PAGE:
Karina Peisajovich

Notes on other expanded paintings
By Rodolfo Biscia

To describe Karina Peisajovich’s recent work solely along the lines of its tendency toward the immaterial would be misleading: on what do we base the certainty that light is necessarily the antipode of matter? In this case, the issue at hand is painting with light, literally. By way of a conscious substitution, projection replaces brushstroke, and light –in its full chromatic range- replaces oils or pigments; contours and images are defined by a precise dialectic between light and shadow in an essentially amorphous territory of pure luminosity.

While the result may well suggest a certain supernatural character, we soon realize that this light does not fall neutral and immaculate from celestial heights or another unknown origin; on the contrary, it emanates from the floor, with a presence that is far less Olympic than terrestrial, finally revealing a certain inborn turbidity, a somewhat aqueous, dirty quality to it. It is in this intermediate zone, between the light source and the surface that receives its projected beams (the wall, transformed into canvas or screen), where the magic that Peisajovich conjures up like a wise régisseur appears. Extremely thin, subtle objects –suspended cut-out paper shapes- intervene in this medium, they may be tiny, but they bring about dramatic consequences: they bear witness to the unsuspected effects brought on by minimal disturbances to light. Indifferent to the discretion of the aesthete, the works do not deny, the natural inclusion of the devices that make them possible.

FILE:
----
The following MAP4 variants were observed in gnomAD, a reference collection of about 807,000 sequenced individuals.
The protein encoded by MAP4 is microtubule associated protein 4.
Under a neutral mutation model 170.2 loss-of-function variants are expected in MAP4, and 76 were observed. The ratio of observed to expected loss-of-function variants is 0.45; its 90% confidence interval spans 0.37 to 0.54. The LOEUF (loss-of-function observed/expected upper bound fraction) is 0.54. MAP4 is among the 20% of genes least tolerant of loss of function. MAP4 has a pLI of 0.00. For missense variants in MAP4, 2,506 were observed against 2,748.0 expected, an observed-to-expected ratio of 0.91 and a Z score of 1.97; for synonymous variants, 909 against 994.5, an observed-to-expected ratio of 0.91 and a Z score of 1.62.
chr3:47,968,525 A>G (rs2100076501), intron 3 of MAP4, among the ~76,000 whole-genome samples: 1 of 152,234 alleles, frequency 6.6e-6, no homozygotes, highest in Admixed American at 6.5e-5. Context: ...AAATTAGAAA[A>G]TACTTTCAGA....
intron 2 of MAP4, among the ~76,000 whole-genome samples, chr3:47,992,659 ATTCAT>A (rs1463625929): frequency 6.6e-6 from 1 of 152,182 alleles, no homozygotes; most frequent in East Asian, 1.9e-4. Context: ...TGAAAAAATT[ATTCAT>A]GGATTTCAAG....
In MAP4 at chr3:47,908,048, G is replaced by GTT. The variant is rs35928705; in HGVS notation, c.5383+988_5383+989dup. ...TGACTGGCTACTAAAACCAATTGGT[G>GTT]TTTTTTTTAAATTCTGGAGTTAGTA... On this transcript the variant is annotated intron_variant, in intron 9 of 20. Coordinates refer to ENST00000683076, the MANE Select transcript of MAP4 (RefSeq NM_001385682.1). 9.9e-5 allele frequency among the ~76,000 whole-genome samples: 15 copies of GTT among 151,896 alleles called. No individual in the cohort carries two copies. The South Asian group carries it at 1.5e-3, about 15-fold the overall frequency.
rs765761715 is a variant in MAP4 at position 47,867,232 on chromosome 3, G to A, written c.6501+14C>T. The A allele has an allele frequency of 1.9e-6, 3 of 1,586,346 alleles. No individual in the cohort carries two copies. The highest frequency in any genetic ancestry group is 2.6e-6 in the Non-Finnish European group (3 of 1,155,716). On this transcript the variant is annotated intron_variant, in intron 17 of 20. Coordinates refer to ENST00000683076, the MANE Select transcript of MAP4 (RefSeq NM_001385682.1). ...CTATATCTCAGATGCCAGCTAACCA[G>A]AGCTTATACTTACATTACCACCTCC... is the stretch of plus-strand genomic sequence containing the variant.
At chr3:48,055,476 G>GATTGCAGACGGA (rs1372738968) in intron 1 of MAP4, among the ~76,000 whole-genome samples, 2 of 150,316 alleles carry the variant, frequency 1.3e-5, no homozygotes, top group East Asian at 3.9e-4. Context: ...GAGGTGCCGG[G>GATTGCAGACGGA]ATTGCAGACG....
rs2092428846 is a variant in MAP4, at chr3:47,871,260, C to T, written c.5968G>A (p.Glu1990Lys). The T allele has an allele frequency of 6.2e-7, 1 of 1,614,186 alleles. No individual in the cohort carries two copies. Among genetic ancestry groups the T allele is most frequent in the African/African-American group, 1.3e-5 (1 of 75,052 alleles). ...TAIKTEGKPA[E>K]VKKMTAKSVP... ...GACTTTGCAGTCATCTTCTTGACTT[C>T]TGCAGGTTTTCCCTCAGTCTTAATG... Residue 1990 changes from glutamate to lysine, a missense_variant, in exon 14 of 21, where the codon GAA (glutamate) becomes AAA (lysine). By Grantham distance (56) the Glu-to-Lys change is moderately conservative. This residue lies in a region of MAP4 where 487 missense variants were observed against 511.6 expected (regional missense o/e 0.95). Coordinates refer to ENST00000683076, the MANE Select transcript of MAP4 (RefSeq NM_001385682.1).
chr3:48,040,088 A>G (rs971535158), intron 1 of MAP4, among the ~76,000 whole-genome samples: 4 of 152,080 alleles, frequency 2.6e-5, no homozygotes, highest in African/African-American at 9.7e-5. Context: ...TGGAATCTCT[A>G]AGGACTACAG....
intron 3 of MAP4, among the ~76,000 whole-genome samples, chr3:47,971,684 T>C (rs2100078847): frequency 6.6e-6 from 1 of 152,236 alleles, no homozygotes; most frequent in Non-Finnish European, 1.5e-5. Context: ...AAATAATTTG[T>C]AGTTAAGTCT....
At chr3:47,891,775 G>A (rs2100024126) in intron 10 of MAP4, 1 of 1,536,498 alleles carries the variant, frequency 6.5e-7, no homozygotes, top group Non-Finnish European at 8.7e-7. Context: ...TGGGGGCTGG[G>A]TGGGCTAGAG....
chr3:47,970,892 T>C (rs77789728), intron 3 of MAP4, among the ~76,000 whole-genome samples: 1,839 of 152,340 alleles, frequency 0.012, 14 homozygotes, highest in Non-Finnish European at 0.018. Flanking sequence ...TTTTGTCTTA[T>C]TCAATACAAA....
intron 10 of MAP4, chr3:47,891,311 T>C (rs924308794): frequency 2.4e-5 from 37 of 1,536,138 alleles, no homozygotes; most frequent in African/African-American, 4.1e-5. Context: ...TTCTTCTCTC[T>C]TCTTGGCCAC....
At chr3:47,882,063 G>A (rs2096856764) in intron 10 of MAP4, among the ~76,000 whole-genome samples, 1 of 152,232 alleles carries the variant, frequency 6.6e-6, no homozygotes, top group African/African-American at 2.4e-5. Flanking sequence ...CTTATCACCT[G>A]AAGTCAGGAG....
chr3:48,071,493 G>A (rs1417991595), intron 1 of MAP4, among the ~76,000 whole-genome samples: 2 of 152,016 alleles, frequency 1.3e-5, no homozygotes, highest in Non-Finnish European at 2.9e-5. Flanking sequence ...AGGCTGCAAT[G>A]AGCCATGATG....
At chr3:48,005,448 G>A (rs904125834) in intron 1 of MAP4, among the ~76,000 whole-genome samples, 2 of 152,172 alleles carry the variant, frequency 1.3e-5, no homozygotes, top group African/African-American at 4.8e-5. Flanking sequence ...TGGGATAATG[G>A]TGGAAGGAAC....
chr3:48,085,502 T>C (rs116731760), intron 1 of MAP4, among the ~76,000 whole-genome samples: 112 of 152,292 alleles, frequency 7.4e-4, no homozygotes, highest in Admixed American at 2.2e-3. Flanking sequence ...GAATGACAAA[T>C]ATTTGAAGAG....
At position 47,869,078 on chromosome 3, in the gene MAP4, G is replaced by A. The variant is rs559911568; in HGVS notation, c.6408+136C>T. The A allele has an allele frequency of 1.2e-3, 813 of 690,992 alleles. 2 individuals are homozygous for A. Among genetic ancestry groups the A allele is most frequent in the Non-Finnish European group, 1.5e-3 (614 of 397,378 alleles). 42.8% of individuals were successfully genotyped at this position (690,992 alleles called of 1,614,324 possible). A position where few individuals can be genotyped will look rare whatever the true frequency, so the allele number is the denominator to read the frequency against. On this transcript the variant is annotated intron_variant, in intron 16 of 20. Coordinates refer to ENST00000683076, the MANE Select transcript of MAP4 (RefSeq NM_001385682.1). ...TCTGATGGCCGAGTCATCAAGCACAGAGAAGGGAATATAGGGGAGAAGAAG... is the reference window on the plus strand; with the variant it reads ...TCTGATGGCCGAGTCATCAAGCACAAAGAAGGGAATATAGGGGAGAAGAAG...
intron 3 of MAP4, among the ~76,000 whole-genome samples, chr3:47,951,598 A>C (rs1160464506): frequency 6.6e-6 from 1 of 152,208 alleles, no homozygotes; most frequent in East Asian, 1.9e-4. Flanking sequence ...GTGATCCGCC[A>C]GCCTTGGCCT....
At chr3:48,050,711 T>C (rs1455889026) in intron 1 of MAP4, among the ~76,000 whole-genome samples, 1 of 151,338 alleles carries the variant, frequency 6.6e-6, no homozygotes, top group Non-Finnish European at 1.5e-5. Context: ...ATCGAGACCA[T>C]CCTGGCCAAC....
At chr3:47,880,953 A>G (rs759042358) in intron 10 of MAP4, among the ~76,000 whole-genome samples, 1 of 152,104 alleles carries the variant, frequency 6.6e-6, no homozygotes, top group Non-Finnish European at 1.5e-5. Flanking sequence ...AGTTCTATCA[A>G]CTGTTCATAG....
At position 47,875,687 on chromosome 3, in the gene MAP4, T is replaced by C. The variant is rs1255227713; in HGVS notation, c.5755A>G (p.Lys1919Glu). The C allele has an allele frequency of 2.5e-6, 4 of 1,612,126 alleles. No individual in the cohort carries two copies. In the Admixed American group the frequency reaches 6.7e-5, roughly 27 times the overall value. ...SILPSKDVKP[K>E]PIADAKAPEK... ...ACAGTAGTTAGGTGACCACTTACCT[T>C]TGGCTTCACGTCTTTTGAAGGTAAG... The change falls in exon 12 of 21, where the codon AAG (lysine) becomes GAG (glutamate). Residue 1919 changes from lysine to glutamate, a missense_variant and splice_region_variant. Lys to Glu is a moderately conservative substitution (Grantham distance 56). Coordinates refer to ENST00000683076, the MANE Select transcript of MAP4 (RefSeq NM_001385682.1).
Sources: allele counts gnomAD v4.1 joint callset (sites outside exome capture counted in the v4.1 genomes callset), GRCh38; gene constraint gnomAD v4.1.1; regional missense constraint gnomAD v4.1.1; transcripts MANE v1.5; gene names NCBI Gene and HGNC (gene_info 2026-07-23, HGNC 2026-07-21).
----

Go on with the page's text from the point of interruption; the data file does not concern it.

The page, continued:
By way of procedures that demand precision and rigor (truly an optique de précision, to use Duchamp’s expression) we presence an inversion of traditional representation’s process of mimesis; the work’s unfolding into three dimensionality becomes skewed and problematic. In the architectural three-dimensional space, two-dimensional representations that contradict and falsify it are reconstructed. Fictitious and “real” perspectives become confused. In this manner, these objects are born out of an alliance of friction between the real and the virtual that becomes an unstable, fragile synthesis between contradictions; the viewer witnesses the configuration of problematic objects: a form that is effectively painted on the wall’s surface acts as the shadow for a form that paradoxically originates in a real shadow. Nonetheless, it is not merely an illusory effect that is pursued in this way; through the use of this artifice other vanishing points are set loose, and a perceptual space which is not submissive to those laws that endorse a rigorous distinction between reality and representation is created.

The factor of time naturally becomes part of this conflict between dimensions: but here time does not function like a simple accessory or appendage; on the contrary, it is situated at the very heart of the work: it actually constitutes the images themselves, through delineated processes of acceleration and deceleration. The work happens, according to its own laws and sequences. In this experience through the course of time, Karina Peisajovich constructs her cosmos of light, her complex planetary systems edified with time-images; she rediscovers light’s habitual performative potential, by projecting it in subtle or emphatic gradations onto a space that is alternatively empty, overflowing, and back to uninhabited once again. This paradoxical materiality of light –because it remains impenetrable- is what her work is made of.

Text for the piece Ogrod at the Lodz Biennale, Poland
Buenos Aires, 2004